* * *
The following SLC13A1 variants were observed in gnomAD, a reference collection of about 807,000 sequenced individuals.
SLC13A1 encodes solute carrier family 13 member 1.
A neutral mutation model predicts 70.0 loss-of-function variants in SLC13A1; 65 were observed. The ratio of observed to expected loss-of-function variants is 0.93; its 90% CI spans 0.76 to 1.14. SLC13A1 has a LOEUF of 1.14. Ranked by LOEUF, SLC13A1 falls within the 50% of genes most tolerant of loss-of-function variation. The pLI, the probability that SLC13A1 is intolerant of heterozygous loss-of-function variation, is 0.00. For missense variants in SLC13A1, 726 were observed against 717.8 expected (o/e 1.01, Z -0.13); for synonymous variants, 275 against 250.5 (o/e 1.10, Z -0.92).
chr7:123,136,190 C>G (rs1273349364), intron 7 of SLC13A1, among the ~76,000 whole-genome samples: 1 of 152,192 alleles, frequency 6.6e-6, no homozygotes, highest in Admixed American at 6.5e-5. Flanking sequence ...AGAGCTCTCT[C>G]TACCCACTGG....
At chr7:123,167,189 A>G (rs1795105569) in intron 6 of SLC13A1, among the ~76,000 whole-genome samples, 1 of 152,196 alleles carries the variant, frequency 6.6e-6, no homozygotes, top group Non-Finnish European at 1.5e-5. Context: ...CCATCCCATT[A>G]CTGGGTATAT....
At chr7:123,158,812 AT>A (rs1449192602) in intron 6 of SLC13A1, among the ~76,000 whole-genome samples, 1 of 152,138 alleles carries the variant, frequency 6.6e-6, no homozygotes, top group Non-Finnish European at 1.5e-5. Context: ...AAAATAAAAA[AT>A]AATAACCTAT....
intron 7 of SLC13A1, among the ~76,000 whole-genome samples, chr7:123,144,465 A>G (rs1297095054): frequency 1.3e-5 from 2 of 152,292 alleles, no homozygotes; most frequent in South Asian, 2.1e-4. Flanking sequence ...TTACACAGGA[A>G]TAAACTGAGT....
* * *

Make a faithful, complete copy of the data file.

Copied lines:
The following SLC13A1 variants were observed in gnomAD, a reference collection of about 807,000 sequenced individuals.
SLC13A1 encodes solute carrier family 13 member 1.
A neutral mutation model predicts 70.0 loss-of-function variants in SLC13A1; 65 were observed. The ratio of observed to expected loss-of-function variants is 0.93; its 90% CI spans 0.76 to 1.14. SLC13A1 has a LOEUF of 1.14. Ranked by LOEUF, SLC13A1 falls within the 50% of genes most tolerant of loss-of-function variation. The pLI, the probability that SLC13A1 is intolerant of heterozygous loss-of-function variation, is 0.00. For missense variants in SLC13A1, 726 were observed against 717.8 expected (o/e 1.01, Z -0.13); for synonymous variants, 275 against 250.5 (o/e 1.10, Z -0.92).
chr7:123,136,190 C>G (rs1273349364), intron 7 of SLC13A1, among the ~76,000 whole-genome samples: 1 of 152,192 alleles, frequency 6.6e-6, no homozygotes, highest in Admixed American at 6.5e-5. Flanking sequence ...AGAGCTCTCT[C>G]TACCCACTGG....
At chr7:123,167,189 A>G (rs1795105569) in intron 6 of SLC13A1, among the ~76,000 whole-genome samples, 1 of 152,196 alleles carries the variant, frequency 6.6e-6, no homozygotes, top group Non-Finnish European at 1.5e-5. Context: ...CCATCCCATT[A>G]CTGGGTATAT....
At chr7:123,158,812 AT>A (rs1449192602) in intron 6 of SLC13A1, among the ~76,000 whole-genome samples, 1 of 152,138 alleles carries the variant, frequency 6.6e-6, no homozygotes, top group Non-Finnish European at 1.5e-5. Context: ...AAAATAAAAA[AT>A]AATAACCTAT....
intron 7 of SLC13A1, among the ~76,000 whole-genome samples, chr7:123,144,465 A>G (rs1297095054): frequency 1.3e-5 from 2 of 152,292 alleles, no homozygotes; most frequent in South Asian, 2.1e-4. Flanking sequence ...TTACACAGGA[A>G]TAAACTGAGT....